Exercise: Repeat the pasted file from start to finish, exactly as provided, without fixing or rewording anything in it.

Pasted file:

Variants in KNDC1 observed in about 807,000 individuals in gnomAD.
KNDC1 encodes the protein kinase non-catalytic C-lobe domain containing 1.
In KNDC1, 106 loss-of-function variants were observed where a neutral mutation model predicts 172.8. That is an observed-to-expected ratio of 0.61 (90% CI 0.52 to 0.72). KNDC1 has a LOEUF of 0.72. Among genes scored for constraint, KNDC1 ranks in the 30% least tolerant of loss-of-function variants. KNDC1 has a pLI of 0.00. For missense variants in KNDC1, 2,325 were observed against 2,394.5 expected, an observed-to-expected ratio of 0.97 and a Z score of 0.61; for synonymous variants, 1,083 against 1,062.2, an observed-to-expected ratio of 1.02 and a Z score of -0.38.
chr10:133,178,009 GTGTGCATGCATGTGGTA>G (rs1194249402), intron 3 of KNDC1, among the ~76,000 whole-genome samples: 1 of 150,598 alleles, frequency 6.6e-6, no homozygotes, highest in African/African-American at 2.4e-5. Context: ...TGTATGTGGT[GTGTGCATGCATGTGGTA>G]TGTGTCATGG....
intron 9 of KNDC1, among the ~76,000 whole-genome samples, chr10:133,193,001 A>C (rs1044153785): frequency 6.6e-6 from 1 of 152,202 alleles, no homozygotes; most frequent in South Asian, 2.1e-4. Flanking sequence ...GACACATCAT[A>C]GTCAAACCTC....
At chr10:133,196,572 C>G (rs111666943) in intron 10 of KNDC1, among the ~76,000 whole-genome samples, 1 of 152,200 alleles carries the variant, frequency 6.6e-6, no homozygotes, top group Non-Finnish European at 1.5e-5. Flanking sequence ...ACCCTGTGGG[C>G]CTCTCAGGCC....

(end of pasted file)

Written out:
Variants in KNDC1 observed in about 807,000 individuals in gnomAD.
KNDC1 encodes the protein kinase non-catalytic C-lobe domain containing 1.
In KNDC1, 106 loss-of-function variants were observed where a neutral mutation model predicts 172.8. That is an observed-to-expected ratio of 0.61 (90% CI 0.52 to 0.72). KNDC1 has a LOEUF of 0.72. Among genes scored for constraint, KNDC1 ranks in the 30% least tolerant of loss-of-function variants. KNDC1 has a pLI of 0.00. For missense variants in KNDC1, 2,325 were observed against 2,394.5 expected, an observed-to-expected ratio of 0.97 and a Z score of 0.61; for synonymous variants, 1,083 against 1,062.2, an observed-to-expected ratio of 1.02 and a Z score of -0.38.
chr10:133,178,009 GTGTGCATGCATGTGGTA>G (rs1194249402), intron 3 of KNDC1, among the ~76,000 whole-genome samples: 1 of 150,598 alleles, frequency 6.6e-6, no homozygotes, highest in African/African-American at 2.4e-5. Context: ...TGTATGTGGT[GTGTGCATGCATGTGGTA>G]TGTGTCATGG....
intron 9 of KNDC1, among the ~76,000 whole-genome samples, chr10:133,193,001 A>C (rs1044153785): frequency 6.6e-6 from 1 of 152,202 alleles, no homozygotes; most frequent in South Asian, 2.1e-4. Flanking sequence ...GACACATCAT[A>C]GTCAAACCTC....
At chr10:133,196,572 C>G (rs111666943) in intron 10 of KNDC1, among the ~76,000 whole-genome samples, 1 of 152,200 alleles carries the variant, frequency 6.6e-6, no homozygotes, top group Non-Finnish European at 1.5e-5. Flanking sequence ...ACCCTGTGGG[C>G]CTCTCAGGCC....